The city of Beaufort's Redevelopment Commission is smart to bring together local housing agencies and building organizations to identify opportunities for new construction and growth.
This arrangement, discussed in detail at its Feb. 7 meeting, should also lead to wiser use of money -- whether public funds, private investment or charitable donations -- needed to take advantage of such opportunities.
"We have so many people doing so many things, and they're all related to each other, but none of them are connected," commission member Wendy Zara said during a recent meeting.
The Historic Beaufort Foundation, Lowcountry Habitat for Humanity and the Lowcountry Housing Trust and the Beaufort Housing Authority are working with the Redevelopment Commission to make those connections, which could include collaboration on specific projects.
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Toward that end, the organizations are mapping their plans to see whether there are geographical areas begging for their concerted effort.
The result could be a conspicuous, large-scale redevelopment of several city blocks, executed with efficiency. But the arrangement is just as likely to result in efficiencies that are less obvious, but no less important. Organizations that often are stretched thin, even in better times than these, could benefit from not duplicating the effort of others.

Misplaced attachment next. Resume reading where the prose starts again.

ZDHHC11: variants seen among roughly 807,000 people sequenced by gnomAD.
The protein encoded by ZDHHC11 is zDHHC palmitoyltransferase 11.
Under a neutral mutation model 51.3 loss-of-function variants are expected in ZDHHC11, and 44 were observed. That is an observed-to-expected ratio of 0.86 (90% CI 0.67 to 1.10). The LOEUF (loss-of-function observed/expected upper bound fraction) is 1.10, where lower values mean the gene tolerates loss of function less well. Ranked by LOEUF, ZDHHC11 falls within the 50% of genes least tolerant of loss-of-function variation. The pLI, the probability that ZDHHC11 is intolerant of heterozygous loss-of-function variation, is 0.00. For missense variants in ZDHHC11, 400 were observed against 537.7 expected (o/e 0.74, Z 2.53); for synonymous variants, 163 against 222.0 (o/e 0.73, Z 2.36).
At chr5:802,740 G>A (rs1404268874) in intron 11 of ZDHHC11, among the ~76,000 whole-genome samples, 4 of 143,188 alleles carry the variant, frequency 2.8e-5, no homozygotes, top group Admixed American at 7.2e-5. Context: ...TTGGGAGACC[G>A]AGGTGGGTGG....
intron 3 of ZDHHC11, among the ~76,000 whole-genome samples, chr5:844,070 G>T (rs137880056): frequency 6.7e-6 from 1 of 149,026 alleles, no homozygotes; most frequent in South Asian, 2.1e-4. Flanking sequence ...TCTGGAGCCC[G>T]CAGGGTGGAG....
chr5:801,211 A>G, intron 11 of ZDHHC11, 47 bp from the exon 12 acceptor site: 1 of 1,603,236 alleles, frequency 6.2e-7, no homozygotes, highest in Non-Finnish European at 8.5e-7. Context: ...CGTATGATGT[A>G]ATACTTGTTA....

In addition, since these organizations deal in problems that are related but not identical, each has developed its own expertise -- expertise that might, from time to time, be useful to its partners.
Case in point: The town of Bluffton's effort to put residents in Wharf Street affordable housing project might have been accomplished more quickly and more smoothly had its partnership with Habitat for Humanity not fallen apart in the project's nascent stages. Town officials had to re-create the wheel, particularly in identifying and qualifying potential home buyers.
There is no need for the city of Beaufort to repeat such mistakes, and with this collaboration, the Redevelopment Commission seems to agree.